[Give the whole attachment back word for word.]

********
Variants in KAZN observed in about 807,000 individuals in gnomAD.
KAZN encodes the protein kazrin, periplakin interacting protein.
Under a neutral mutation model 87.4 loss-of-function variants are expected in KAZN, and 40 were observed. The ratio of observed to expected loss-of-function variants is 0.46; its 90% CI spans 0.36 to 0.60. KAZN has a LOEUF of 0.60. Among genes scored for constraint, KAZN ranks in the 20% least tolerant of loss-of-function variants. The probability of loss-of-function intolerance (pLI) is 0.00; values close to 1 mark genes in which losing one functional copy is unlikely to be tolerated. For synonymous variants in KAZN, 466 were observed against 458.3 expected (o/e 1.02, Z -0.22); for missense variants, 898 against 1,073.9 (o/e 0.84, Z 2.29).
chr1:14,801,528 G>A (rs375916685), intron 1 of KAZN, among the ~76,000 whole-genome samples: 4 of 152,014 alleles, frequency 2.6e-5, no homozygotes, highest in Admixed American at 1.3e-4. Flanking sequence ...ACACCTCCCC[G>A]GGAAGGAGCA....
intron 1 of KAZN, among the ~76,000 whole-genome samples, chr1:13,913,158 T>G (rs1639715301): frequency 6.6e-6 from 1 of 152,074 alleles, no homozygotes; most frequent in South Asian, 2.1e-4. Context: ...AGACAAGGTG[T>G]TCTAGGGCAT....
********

Variants in KAZN observed in about 807,000 individuals in gnomAD.
KAZN encodes the protein kazrin, periplakin interacting protein.
Under a neutral mutation model 87.4 loss-of-function variants are expected in KAZN, and 40 were observed. The ratio of observed to expected loss-of-function variants is 0.46; its 90% CI spans 0.36 to 0.60. KAZN has a LOEUF of 0.60. Among genes scored for constraint, KAZN ranks in the 20% least tolerant of loss-of-function variants. The probability of loss-of-function intolerance (pLI) is 0.00; values close to 1 mark genes in which losing one functional copy is unlikely to be tolerated. For synonymous variants in KAZN, 466 were observed against 458.3 expected (o/e 1.02, Z -0.22); for missense variants, 898 against 1,073.9 (o/e 0.84, Z 2.29).
chr1:14,801,528 G>A (rs375916685), intron 1 of KAZN, among the ~76,000 whole-genome samples: 4 of 152,014 alleles, frequency 2.6e-5, no homozygotes, highest in Admixed American at 1.3e-4. Flanking sequence ...ACACCTCCCC[G>A]GGAAGGAGCA....
intron 1 of KAZN, among the ~76,000 whole-genome samples, chr1:13,913,158 T>G (rs1639715301): frequency 6.6e-6 from 1 of 152,074 alleles, no homozygotes; most frequent in South Asian, 2.1e-4. Context: ...AGACAAGGTG[T>G]TCTAGGGCAT....